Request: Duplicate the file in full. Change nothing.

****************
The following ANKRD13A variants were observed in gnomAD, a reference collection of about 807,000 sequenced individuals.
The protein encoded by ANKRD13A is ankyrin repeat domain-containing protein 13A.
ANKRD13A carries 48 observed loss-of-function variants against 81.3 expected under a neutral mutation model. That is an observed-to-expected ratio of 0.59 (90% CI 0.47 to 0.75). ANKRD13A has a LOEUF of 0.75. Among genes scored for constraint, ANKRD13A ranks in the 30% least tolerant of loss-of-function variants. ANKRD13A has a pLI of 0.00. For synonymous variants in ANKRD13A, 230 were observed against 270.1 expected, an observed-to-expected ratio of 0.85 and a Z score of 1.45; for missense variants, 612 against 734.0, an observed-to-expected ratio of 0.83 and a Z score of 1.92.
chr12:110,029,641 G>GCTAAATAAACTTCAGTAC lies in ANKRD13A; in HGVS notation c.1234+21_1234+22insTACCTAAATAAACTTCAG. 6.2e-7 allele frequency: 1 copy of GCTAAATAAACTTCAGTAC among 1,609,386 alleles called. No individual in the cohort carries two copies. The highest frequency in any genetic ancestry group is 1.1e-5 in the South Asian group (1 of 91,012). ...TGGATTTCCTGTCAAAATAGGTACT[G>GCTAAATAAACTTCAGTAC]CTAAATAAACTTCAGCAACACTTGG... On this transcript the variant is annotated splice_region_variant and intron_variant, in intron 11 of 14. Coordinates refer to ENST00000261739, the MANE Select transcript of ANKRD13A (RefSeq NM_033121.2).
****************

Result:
The following ANKRD13A variants were observed in gnomAD, a reference collection of about 807,000 sequenced individuals.
The protein encoded by ANKRD13A is ankyrin repeat domain-containing protein 13A.
ANKRD13A carries 48 observed loss-of-function variants against 81.3 expected under a neutral mutation model. That is an observed-to-expected ratio of 0.59 (90% CI 0.47 to 0.75). ANKRD13A has a LOEUF of 0.75. Among genes scored for constraint, ANKRD13A ranks in the 30% least tolerant of loss-of-function variants. ANKRD13A has a pLI of 0.00. For synonymous variants in ANKRD13A, 230 were observed against 270.1 expected, an observed-to-expected ratio of 0.85 and a Z score of 1.45; for missense variants, 612 against 734.0, an observed-to-expected ratio of 0.83 and a Z score of 1.92.
chr12:110,029,641 G>GCTAAATAAACTTCAGTAC lies in ANKRD13A; in HGVS notation c.1234+21_1234+22insTACCTAAATAAACTTCAG. 6.2e-7 allele frequency: 1 copy of GCTAAATAAACTTCAGTAC among 1,609,386 alleles called. No individual in the cohort carries two copies. The highest frequency in any genetic ancestry group is 1.1e-5 in the South Asian group (1 of 91,012). ...TGGATTTCCTGTCAAAATAGGTACT[G>GCTAAATAAACTTCAGTAC]CTAAATAAACTTCAGCAACACTTGG... On this transcript the variant is annotated splice_region_variant and intron_variant, in intron 11 of 14. Coordinates refer to ENST00000261739, the MANE Select transcript of ANKRD13A (RefSeq NM_033121.2).